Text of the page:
Sunday, 28 February 2010

Wrist warmers

I decided yesterday to try for another medal or two and Mrs Beeton was lurking on my queue and I then realised that it also was beaded so that was a bonus. Some Beads from the Firesale in Yellow Brick Road matched the purple yarn left from the socks I just finished and it sounded like I had about the right amount of it left to do them (I was almost right, two rows out actually but it's not all that noticeable!) I also had a yarn that would blend that I got in Dublin Woolen Mills.

The beading caused some serious swearing! The beads are JUST big enough so it took a bit of work to get them to go on.

Mrs Beeton with ruffle down With the ruffle down

Mrs Beeton with ruffle up with the ruffle up, like I'm wearing them right now. They're warming on my wrists. I think they will look cool ruffle side down under my grey coat.

ETA: The beads are actually have an offset centre, which made them quite good for this, I would use this style of bead again for edging on a knitted project.

Saturday, 27 February 2010

Regal Brigit

These socks have been helped by the cold weather- myself and my husband travel by Motorbike (driven by him) to work but when theres frost and ice we don't go so this gives me time while travelling by bus.

I just finished these a few minutes ago!

Brigit Socks

Brigit by Monkey Toes is the pattern and it looks a lot better in real life, the cables don't look as good when they're at rest as they do when they're on. I mostly did these as cables without a cable needle but occasionally I didn't quite hit the three strands which meant I used a cable needle as it does fuzz a little when split. It is fairly easy to split the yarn but I do like how it looks. It's using Wildfoote Luxury Sock yarn in Purple Splendor


Dishcloths can be fun to knit, they're also a good way of curing yourself of feeling like your knitting is precious!

These two are made using short-rows, a method of knitting where you don't knit all the way to the end so you can create shapes.

The Four-corner dishcloth
for this one you knit it in four pieces forming corners as you go and then graft it together. I'm not 100% happy with the graft but for something to do cleaning up with it's not a bad thing, if I make another few of them or ones like it I can practice it more. This is another good thing with Dishcloths, slight flaws and minor errors aren't really important to the dirt you're sweeping up or scrubbing off!

A Multidirectional Diagonal Dishcloth.
this one is a good introduction to short-row diagonals. If you're thinking about knitting a scarf with this technique this is a good practice piece!

Sunflower Shadows

Finished another one

The Sunflower Tam from Norah Gaughan's Knitting Nature: 39 Designs Inspired by Patterns in Nature (UK Amazon) Knitting Nature (US Amazon) using some of the Malabrigo Worsted in the colourway Alpine Pearl. I spotted someone else had done this in Malabrigo and had gone down a needle size so I followed suit, and I like it. I had to do a little bit of tweaking to satisfy my sense of balance at the end, I omitted one of the moments where you move the marker for the start because it wouldn't have continued with the spiral.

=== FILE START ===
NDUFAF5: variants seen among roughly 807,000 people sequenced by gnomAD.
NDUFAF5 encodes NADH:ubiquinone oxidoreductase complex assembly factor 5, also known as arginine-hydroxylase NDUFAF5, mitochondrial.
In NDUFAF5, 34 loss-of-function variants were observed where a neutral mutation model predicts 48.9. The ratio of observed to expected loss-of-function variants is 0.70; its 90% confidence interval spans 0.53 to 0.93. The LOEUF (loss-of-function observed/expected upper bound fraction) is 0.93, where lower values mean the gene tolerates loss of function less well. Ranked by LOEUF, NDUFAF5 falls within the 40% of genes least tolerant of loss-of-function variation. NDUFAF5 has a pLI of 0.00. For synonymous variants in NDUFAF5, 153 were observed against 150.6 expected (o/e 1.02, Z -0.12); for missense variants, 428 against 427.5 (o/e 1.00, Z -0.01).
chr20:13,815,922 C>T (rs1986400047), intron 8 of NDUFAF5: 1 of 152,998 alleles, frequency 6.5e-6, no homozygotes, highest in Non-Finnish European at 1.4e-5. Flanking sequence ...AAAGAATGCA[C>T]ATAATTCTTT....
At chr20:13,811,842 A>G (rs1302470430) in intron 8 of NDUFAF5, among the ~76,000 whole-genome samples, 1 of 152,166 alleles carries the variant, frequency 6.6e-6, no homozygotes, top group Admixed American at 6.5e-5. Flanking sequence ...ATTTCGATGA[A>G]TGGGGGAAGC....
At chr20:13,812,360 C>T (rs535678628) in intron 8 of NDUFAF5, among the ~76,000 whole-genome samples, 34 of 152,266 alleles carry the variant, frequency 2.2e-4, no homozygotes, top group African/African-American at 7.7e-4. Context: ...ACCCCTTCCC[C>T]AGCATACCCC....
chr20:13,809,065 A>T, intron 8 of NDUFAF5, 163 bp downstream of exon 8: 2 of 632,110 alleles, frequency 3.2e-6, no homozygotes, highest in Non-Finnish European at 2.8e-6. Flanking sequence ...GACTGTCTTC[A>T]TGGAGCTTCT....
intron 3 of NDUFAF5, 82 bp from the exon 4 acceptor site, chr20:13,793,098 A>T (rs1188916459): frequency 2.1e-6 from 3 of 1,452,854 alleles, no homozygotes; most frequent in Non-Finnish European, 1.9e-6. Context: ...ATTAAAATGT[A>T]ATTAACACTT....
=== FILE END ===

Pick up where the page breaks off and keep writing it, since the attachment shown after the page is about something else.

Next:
I also significantly shortened the i-chord to about 2" or so, I actually knitted the 5" knotted it and realised that it was going to have a too-long tail so I ripped it back to almost where the knot was and the cast off so I'm not 100% sure how long it really is. I used about 60% of the ball.

Sunflower Shadows

Now to get finishing my Brigit Socks, I'm 2/3 of the way there with the second sock.

Thursday, 25 February 2010

Blue Embers

Found some Noro Kureyon that I had used to make a poncho and decided to knit a neckwarmer. It took less than 1.5 balls of it to make Burning Embers
Ravelompics Medal number 6

Sunday, 21 February 2010


Rogue is possibly one of the pieces that has been resting for the longest. I bought the pattern about 3 computers ago, I seem to recall printing it out on the desktop in our bedroom. I had the body of the piece sitting waiting for me to get the finger out and do the sleeves. I had decided to do it as a cardigan and without the hood as I'm not really a hood person. I inverted the

As one of the events in the Ravelmypics is to finish a WIP this seemed like a good opportunity and a great incentive to finish the damned thing. Especially as I really only had a small amount to do, the body is knit in the round and all I had to do was to knit the sleeves, sew the sleeves, sew in the hems and find a fastening for it. The hardest part was finding a fastening! Hickeys only had black frogging and while the one I found in the Dublin Woollen Mills is okay it's not absolutely what I wanted, still it's now finished and if I find something different I can use it to fix it. The collar also needs a little stitch or two to fasten them down.

Rogue Cardigan

Sleeve detail

Back of the collar:

I'd knit this again, possibly with a plain edging or possibly with an open cable to take buttons...

Small Shawl

The pattern is called 198 Yds of Luxury

all stretched out on the sweater dryer.

Outside on the bench outdoors

Knit with Noro Silk Garden it's a small shawl but nice. I wore it this afternoon on my way to the shops. I changed it a little along the edge so the edging matched the body of the shawl a little better than designed in the pattern.

Cowl Finish

Today had a combination of small things ending with three finished objects.

First was this cowl. It's only taken a little over 2 days to finish and it's wonderfully squishy.


It's made from a yarn called Malabrigo, in the Merino Worsted in the Nostalgia colourway visible here

It's quite long so it pools well around my neck

I used the knit 2 stitches, slip stitches back to other needle and knit the two together which produces an interesting effect along the edge which you can see here: 007

I'm left with about 10g from the 100g skein, which I will find a use for some day.

Friday, 19 February 2010


what once was this


is now this

ripped project

Aerial Unwind entry.